Video Transcript: "Ideal Capital Structure"

Now let's talk about why I had originally drawn at that upper level with the highest cost of funds being those that you got out of the capital markets. The bond and initial stock offering rate. And [Part of this is? Partly is?] an explanation on how ideally that's what it's going to look like, but it doesn't always quite get there. It's actually a balancing process, trying to find the most efficient capital structure. And the diagram here should help out a little bit. What I'm doing is I'm measuring here on the horizontal axis the debt ratio. So, the debt ratio starts off on the left at zero and extends up to one on the right. And, I've got two functions right here. I've got this red function which shows the relationship between the debt ratio and the bond rate. And I also have this blue function, which shows the relationship between the dividend rate and the debt ratio.

And let's talk about this bond rate relationship that we have right here. The idea is that as the amount of debt that you've taken out in order to buy your assets increases and increases and increases, any additional loans that you try to make — in other words, more bonds that you try to sell — are viewed as being riskier and riskier and riskier. And so you have to offer higher and higher and higher interest rates in order to make them palatable to people, so they'll actually be willing to buy it. And, so, again, it's just saying that as you issue more debt, you have to pay higher and higher and higher interest rates for people to actually give you that money — in order for them to loan you that money.

The relationship between the dividend rate, which is what people expect to get when they purchase a share of stock, is something which is really really high for low debt ratios, because they expect to get a lot of bang for their buck, and then it declines over as the debt ratio starts to increase. In otherwords, they're hoping to get more leverage and they're willing to go ahead and receive some lower dividend rates if they can leverage their money a little bit — basically, buy a larger firm for each dollar.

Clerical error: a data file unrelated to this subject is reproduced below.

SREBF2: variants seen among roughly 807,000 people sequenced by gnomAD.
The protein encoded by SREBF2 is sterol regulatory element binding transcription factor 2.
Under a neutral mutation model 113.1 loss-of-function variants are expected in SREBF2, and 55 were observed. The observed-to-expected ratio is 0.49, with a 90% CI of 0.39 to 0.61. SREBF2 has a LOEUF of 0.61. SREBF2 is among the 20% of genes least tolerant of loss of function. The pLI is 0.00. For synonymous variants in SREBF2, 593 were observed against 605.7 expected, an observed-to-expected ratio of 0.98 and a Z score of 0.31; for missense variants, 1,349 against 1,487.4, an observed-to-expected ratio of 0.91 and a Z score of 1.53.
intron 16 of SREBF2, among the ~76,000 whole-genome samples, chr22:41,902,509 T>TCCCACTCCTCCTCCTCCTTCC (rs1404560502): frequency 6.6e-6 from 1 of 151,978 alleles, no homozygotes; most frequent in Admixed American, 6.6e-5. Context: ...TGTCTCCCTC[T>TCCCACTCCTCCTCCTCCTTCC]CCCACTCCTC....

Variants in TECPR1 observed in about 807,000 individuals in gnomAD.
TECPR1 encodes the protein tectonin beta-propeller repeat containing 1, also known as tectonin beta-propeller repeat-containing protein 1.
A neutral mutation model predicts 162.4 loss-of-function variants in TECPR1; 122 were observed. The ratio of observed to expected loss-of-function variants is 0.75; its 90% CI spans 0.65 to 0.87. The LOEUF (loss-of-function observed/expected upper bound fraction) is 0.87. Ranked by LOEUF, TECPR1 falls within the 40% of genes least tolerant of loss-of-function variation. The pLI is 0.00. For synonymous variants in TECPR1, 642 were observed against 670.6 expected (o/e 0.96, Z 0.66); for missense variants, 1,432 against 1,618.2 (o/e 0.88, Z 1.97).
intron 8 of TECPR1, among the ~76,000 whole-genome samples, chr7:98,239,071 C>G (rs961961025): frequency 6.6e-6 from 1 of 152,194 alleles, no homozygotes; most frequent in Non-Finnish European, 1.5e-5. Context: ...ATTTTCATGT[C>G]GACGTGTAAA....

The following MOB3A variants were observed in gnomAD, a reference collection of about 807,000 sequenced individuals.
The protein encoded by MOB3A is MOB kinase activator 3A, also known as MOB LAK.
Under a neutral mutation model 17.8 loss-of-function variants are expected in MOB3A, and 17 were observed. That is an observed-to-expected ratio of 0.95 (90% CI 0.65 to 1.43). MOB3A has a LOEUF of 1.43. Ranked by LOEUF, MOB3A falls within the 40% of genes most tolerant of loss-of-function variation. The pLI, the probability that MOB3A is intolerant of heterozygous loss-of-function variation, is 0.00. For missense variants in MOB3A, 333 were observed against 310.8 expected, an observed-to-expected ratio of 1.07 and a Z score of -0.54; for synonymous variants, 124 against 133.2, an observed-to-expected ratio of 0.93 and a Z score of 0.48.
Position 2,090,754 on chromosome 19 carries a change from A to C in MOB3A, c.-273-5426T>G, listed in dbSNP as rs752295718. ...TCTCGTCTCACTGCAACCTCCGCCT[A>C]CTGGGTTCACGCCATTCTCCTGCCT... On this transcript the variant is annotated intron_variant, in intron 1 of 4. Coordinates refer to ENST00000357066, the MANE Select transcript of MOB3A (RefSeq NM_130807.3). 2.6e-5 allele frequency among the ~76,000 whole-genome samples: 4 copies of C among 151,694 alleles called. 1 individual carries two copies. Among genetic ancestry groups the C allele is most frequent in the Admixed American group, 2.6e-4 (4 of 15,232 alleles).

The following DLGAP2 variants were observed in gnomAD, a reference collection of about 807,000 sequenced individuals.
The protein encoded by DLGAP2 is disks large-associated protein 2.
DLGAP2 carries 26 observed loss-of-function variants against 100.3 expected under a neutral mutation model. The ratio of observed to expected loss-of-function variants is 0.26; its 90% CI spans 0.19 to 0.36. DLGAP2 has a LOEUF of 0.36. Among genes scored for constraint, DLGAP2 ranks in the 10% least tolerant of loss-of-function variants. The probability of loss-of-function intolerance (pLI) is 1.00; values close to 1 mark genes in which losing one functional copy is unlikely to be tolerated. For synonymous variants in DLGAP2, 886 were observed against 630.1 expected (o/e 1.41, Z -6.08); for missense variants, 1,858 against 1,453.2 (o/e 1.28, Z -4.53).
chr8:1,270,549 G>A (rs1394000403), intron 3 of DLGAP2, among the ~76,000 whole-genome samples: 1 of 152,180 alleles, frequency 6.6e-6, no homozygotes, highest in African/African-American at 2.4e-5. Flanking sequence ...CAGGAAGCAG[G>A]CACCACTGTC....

And, what you should see is that if you have a debt ratio for this particular firm that's something over here, like this vertical line, something that's a relatively low debt ratio. What you're seeing is that the dividend rate, which is effectively the interest rate you have to pay when you issue new stock, is higher than the interest rate on bonds, and if your debt ratio looks something like that you should say to yourself, "well, clearly I should go ahead and issue more bonds," because that's the cheap way of acquiring some additional money in order to invest it.

And, when you sell more bonds, what happens is that your debt ratio goes up a little bit, because whatever new assets you purchased with that money that you just borrowed is going to be with the debt and it's going to increase your debt ratio. And, again, if you have a debt ratio that's that little bit higher after you made the issuance of bonds, you again see that the cheap money is going to be issuing new bonds.

Well, that's going to keep on happening until you reach this point where these lines right here cross, and that's at this specific debt ratio that I'm just going to go ahead and mark with yellow. And that is effectively where the lines cross here: your ideal capital structure, t is the debt ratio that makes it so that you know for sure that you're minimizing your cost of funds. If your debt ratio is a little bit higher, which you'd notice that it would be easier for you to go ahead and issue new stock in order to get new money. And so, basically, what you're saying is is that there is this ideal debt ratio. And you can tell it is ideal because the cost of acquiring money through the bond markets (selling new bonds) is approximately the same as it would cost you to issue new stocks. Now, what that debt ratio is, really is going to depend upon what industry that you're in. And it has to do with the variability of the net income. And what you're going to find out is that firms that are in industries that have usually very variable net income tend to have higher debt ratios, because people like to have the stability. Firms that are in industries that have net income which is rock steady over the seasons, rock steady over the business cycles, tend to have lower debt ratios, because people don't see the difference between bonds and a share of stock as being all that different in terms of the cash flow that you receive on it.

And so this is the story while in the ideal case your cost of funds through issuing bonds and cost of funds through issuing stock are supposed to be approximately the same, remember it's not always quite there. You're always in the process of making adjustments to get that capital structure right, that debt ratio right, and then make it so that the cost of the funds you're gathering in order to…

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